Grossman LLP Defeats Efforts to Dismiss Collector’s Replevin Claims Against London Dealers
08/01/2019More than a year has passed since New York dealer Ezra Chowaiki pled guilty to federal charges related to his misconduct in cheating numerous clients in fraudulent art deals. But the legal fallout continues. Many of his victims and business associates have asserted claims (for money or art) in connection with the bankruptcy of his gallery, Chowaiki & Co., as well as in federal forfeiture proceedings that allow claimants to assert their rights to artworks ordered forfeited to the government as part of Chowaiki’s guilty plea.
Grossman LLP represents several of Chowaiki’s victims. In late 2018, Grossman LLP initiated litigation, on behalf of one such collector against a group of London dealers, seeking the return of a painting by Marc Chagall, Bouquet de Giroflees. The owner bought the work from Chowaiki, but claims that Chowaiki then fraudulently induced him to consign it back to Chowaiki. According to the complaint, Chowaiki then began playing fast and loose with the painting, consigning it to others, repeatedly moving it without consent, and even taking out a loan to pay his own debts, using the work as collateral. Chowaiki then purported to sell shares of the work to a group of London dealers, without the owner’s knowledge or his required consent, and without paying the owner the sale proceed.
The lawsuit that Grossman LLP filed in New York state court, seeks the return of the work from the London dealers; among other things, it asserts that the dealers were not good-faith purchasers of the work, where they expressed misgivings about Chowaiki’s honesty and ignored multiple “red flags” that should have alerted them to the fact that Chowaiki was dealing with the work improperly. The defendants—Alon Zakaim, David Breuer-Weil, and Hugh Gibson, and their respective galleries, Alon Zakaim Fine Art Limited, Galerie B. Weil Limited, and Thomas Gibson Fine Art Limited—moved to dismiss Silver’s complaint on multiple grounds.
After oral argument, the Court rejected the dealers’ arguments, and will allow the case to move forward. The Court held that the defendants are subject to personal jurisdiction in New York, notwithstanding that they are based in London. The Court also held that the Complaint had pleaded sufficient “red flags” in the transaction, such that the Court could not conclude at this early stage that the dealers should be treated as good-faith “buyers in the ordinary course.”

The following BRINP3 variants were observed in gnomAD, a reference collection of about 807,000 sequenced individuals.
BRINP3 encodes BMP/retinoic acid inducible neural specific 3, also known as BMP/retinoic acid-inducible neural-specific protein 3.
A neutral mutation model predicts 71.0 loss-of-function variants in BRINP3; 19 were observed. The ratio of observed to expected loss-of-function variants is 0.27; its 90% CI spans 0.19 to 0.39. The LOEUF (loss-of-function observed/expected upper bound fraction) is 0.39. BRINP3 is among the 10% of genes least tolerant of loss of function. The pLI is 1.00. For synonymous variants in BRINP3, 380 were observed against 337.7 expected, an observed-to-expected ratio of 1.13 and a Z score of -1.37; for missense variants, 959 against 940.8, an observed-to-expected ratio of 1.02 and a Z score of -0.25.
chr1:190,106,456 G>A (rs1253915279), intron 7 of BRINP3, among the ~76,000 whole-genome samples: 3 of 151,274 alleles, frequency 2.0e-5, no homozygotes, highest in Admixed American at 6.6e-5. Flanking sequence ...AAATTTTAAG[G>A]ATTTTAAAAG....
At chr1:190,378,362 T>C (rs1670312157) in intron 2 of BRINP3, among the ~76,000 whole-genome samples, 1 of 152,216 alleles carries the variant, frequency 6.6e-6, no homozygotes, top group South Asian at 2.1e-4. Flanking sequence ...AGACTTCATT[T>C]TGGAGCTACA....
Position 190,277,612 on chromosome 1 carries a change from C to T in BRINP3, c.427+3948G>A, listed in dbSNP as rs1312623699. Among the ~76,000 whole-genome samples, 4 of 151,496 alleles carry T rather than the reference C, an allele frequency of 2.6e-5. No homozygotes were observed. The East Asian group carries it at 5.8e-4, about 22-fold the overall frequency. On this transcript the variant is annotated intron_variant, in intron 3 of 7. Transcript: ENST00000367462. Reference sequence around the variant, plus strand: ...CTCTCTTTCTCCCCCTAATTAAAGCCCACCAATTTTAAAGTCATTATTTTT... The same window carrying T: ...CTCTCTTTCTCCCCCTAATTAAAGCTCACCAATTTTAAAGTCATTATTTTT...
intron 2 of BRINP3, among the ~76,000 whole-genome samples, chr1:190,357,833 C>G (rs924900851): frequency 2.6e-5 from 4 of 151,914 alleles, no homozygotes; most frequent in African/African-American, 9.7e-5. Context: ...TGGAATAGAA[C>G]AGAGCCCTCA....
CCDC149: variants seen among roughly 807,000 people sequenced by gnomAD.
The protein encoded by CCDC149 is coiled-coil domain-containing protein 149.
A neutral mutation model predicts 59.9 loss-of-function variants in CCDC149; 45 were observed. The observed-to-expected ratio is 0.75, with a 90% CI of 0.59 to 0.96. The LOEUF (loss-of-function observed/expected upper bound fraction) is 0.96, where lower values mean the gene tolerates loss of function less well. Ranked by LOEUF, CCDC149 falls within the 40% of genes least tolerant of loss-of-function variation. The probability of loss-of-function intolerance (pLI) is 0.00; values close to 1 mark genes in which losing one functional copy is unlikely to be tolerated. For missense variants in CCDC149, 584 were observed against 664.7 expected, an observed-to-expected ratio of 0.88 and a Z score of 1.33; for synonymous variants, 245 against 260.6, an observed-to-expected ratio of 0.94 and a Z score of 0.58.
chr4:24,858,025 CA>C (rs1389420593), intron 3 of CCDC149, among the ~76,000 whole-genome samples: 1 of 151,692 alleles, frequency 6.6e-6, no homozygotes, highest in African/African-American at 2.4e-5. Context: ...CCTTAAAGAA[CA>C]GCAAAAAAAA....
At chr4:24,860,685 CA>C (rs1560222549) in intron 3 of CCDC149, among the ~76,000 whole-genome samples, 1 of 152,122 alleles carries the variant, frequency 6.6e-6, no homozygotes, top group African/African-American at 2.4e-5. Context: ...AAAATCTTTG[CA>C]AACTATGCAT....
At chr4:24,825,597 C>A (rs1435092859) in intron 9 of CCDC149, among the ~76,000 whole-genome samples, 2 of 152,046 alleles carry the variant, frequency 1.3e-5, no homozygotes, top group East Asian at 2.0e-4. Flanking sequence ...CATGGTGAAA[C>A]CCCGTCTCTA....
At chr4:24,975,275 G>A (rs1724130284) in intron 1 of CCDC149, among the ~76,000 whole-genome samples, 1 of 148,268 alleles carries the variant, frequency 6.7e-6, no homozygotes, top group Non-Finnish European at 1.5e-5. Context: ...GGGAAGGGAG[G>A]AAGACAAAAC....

The decision is an important one because it reinforces that foreign dealers can be subject to litigation in the United States under proper circumstances, including where many aspects of the transaction at issue took place here. And it also reminds the art world about the importance of basic diligence and scrutiny of transactions, especially where there are indications that something may be amiss. Here, the defendant dealers seek to invoke the affirmative defense of entrustment under the New York Uniform Commercial Code (see here for the relevant statute), providing that when property is entrusted to a merchant who deals in goods of that kind, the merchant has the power to transfer the entruster’s rights to a buyer in the ordinary course of business. But to qualify for that defense, the dealers must show that they acted in good faith and in keeping with reasonable commercial standards of fair dealing in the art trade. And that is by no means clear here, where these dealers allegedly proceeded despite their own misgivings about Chowaiki, and where the plaintiff claims that they failed to perform the basic diligence step of searching for liens on the work (a step which would have revealed Chowaiki’s misconduct in taking out a loan for his own benefit using as collateral an artwork he did not own).
Art Law Blog